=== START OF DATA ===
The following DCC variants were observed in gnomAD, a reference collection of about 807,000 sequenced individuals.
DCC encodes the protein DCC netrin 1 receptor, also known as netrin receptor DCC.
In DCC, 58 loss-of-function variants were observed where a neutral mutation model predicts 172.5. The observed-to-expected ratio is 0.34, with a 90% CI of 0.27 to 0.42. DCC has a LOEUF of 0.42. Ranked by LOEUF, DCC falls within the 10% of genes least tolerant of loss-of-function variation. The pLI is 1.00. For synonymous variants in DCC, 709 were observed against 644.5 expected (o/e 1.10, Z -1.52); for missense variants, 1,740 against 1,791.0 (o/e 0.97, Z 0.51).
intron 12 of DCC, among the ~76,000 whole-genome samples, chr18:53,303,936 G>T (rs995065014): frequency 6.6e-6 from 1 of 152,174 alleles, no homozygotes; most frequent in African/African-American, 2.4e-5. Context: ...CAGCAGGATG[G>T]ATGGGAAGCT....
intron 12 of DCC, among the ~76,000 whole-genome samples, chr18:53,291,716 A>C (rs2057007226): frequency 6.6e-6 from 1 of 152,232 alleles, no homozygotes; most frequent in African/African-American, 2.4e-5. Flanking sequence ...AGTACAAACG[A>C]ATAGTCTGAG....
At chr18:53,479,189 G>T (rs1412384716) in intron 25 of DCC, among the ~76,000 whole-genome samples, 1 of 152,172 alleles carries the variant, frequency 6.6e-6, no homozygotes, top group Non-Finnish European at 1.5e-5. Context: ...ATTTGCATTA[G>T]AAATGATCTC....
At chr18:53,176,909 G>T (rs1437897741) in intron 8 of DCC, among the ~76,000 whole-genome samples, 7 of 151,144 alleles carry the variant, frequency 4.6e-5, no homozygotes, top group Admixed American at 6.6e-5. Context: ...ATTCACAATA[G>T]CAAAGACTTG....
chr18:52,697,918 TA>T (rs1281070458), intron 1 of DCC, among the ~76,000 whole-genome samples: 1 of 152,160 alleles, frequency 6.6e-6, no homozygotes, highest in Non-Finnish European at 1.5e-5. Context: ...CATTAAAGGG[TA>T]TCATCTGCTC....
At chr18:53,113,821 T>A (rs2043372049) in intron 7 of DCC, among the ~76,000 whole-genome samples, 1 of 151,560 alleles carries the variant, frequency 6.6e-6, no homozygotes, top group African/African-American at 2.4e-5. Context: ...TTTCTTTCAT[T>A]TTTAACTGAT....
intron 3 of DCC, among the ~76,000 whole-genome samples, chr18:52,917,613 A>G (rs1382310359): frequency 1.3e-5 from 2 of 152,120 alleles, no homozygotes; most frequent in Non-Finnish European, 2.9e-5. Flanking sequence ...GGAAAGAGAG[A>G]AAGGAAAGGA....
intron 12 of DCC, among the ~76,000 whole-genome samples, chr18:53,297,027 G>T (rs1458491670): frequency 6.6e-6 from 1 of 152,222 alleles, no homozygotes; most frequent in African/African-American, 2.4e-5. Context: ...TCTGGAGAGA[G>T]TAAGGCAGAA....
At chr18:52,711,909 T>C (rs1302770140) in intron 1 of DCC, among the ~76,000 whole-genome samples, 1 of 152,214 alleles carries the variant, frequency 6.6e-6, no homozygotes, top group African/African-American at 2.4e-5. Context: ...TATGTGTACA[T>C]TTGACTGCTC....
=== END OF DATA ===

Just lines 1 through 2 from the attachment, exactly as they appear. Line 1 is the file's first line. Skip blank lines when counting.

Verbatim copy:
The following DCC variants were observed in gnomAD, a reference collection of about 807,000 sequenced individuals.
DCC encodes the protein DCC netrin 1 receptor, also known as netrin receptor DCC.